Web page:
Mass Transit has played a prominent role in the development of Coney Island,
and access to it.

               The evolution of public transportation in Brooklyn to railways and trains from horse carriages and steamboats exploded Brooklyn’s industry. Businesses flourished as crowds increased in size and diversity, and New Yorker’s were attracted to the only amusement parks in New York at the time. This image shows a glimpse of what New Yorker’s did for enjoyment with their families in the 1920s. Not only did mass transit make jobs more accessible for adults, but it also improved their personal lives and gave them a break from their busy weeks. Coney Island continues to be a staple of New York leisure, and its prominence goes back to the creation and accessibility of mass transit. This social element that was improved due to the creation of elevated railways that connected more transit lines and ran above the city, inspiring awes of riders as they looked out into the vast ocean and rides.
           Air travel became a glamorous way to get around, instead of trains, and it continues to affect the lives of New Yorker’s every day. The airplane was invented by the Wright Brothers and took its first flight on December 17, 1903. In 1939, The New York Municipal Airport opened, which was later known as LaGuardia Airport. It became available for commercial use in New York City by The Port Authority of New York and New Jersey under a lease with the City of New York since June 1, 1947. LaGuardia Airport is located in the Borough of Queens, NYC, bordering on Flushing Bay and Bowery Bay and is eight miles from midtown Manhattan. Today, it consists of 680 acres and has about 72 aircraft gates.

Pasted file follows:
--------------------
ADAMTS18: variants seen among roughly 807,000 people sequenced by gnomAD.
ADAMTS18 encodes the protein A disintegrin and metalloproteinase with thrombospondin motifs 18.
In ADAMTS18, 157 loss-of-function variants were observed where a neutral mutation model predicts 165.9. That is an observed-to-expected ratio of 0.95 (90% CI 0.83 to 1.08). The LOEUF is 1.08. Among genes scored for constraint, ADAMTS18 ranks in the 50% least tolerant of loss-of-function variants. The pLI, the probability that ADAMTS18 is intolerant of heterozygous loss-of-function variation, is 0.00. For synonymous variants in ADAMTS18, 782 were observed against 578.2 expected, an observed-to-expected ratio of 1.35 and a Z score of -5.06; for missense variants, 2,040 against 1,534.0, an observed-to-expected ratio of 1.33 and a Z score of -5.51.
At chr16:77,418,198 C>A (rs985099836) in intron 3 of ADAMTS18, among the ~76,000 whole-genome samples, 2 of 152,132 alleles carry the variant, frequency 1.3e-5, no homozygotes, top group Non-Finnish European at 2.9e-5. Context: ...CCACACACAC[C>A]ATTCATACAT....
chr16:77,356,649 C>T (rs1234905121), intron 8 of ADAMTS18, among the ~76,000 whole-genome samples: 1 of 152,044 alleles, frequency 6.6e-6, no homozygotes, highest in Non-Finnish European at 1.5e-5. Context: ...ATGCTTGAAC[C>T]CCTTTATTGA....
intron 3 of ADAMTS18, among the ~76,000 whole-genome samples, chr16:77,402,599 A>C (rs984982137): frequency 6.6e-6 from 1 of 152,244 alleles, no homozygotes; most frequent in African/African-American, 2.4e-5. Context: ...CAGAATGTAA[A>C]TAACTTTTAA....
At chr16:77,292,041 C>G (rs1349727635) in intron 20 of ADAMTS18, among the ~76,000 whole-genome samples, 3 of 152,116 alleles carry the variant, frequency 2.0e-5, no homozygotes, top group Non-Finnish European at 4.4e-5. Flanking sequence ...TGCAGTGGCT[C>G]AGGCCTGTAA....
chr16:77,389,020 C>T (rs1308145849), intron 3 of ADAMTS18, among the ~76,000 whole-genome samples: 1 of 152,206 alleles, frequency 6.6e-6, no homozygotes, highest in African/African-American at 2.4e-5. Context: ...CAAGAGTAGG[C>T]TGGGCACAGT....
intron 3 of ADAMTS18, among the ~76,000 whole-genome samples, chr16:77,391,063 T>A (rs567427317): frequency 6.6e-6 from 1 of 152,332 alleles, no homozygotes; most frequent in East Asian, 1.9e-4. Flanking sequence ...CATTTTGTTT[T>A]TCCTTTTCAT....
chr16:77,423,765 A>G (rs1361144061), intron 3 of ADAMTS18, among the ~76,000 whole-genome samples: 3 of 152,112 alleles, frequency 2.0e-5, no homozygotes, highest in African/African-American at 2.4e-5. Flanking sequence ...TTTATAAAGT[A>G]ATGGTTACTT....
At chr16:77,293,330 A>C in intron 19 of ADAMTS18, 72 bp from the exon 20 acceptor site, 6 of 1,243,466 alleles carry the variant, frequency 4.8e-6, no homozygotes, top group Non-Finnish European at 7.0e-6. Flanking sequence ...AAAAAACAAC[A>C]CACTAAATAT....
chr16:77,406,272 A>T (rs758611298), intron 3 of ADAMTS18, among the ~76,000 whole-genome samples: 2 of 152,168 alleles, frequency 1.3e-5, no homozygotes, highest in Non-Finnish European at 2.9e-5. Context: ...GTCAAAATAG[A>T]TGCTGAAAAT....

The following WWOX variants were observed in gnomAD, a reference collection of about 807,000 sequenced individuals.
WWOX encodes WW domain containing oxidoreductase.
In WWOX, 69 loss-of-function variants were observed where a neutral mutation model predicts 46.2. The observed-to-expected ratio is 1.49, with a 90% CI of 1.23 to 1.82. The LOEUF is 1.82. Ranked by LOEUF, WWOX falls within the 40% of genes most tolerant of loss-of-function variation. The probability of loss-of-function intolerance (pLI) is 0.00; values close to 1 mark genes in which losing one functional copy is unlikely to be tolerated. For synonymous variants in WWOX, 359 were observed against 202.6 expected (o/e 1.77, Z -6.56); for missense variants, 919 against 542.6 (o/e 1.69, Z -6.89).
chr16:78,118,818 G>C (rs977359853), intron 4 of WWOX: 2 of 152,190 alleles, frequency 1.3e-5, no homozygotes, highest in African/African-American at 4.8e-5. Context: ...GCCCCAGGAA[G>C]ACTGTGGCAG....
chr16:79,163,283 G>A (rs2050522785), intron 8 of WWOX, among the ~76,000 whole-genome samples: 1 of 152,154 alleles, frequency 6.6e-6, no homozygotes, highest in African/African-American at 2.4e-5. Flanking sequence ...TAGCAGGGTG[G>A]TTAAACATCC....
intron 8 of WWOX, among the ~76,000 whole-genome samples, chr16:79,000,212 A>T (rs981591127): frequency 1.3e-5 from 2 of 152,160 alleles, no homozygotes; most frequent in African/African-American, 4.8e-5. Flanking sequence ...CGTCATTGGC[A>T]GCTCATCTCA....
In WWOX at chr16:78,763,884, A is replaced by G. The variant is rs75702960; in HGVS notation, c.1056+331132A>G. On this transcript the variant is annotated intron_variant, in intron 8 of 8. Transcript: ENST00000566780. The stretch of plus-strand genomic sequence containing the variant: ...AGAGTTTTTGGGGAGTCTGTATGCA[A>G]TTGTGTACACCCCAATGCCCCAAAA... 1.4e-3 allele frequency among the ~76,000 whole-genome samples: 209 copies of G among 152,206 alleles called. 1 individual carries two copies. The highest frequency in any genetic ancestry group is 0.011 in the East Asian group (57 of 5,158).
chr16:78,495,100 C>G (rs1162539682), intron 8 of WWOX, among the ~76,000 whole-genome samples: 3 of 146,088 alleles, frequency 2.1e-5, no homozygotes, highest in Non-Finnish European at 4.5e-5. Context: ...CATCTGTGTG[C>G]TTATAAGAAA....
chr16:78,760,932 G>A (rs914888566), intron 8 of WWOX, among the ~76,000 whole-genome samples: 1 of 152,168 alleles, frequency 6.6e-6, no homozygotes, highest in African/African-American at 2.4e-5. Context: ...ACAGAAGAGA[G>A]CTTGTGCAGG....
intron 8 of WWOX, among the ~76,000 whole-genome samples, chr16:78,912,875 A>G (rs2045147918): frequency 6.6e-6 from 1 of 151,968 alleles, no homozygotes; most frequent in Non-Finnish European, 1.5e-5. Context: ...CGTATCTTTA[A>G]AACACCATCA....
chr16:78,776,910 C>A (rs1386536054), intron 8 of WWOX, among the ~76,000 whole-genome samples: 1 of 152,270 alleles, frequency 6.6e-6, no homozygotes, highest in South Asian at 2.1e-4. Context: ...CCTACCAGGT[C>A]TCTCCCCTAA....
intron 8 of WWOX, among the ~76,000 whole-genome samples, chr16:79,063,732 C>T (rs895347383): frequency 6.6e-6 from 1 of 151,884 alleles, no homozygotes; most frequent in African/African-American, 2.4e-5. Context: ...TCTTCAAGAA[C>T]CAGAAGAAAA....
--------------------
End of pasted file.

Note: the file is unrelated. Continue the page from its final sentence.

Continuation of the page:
Laguardia Airport has four main Terminals; The Marine Air Terminal, Delta Air
Lines Terminal, US Airways Terminal, and the Central Terminal Building. The Marine Air Terminal used to be called the Overseas Terminal, the Marine Air Terminal was the original airport terminal building. It served international flights on flying boats through the 1930s and 1940s. In 1995, the Marine Air Terminal was designated a historical landmark. In 1980, the Port Authority rededicated the James Brooks mural, “Flight,” first painted in 1942. In September 1991, Delta began shuttle operations to Boston and Washington, D.C. from the MAT. The terminal is currently undergoing restoration to its façade and interior.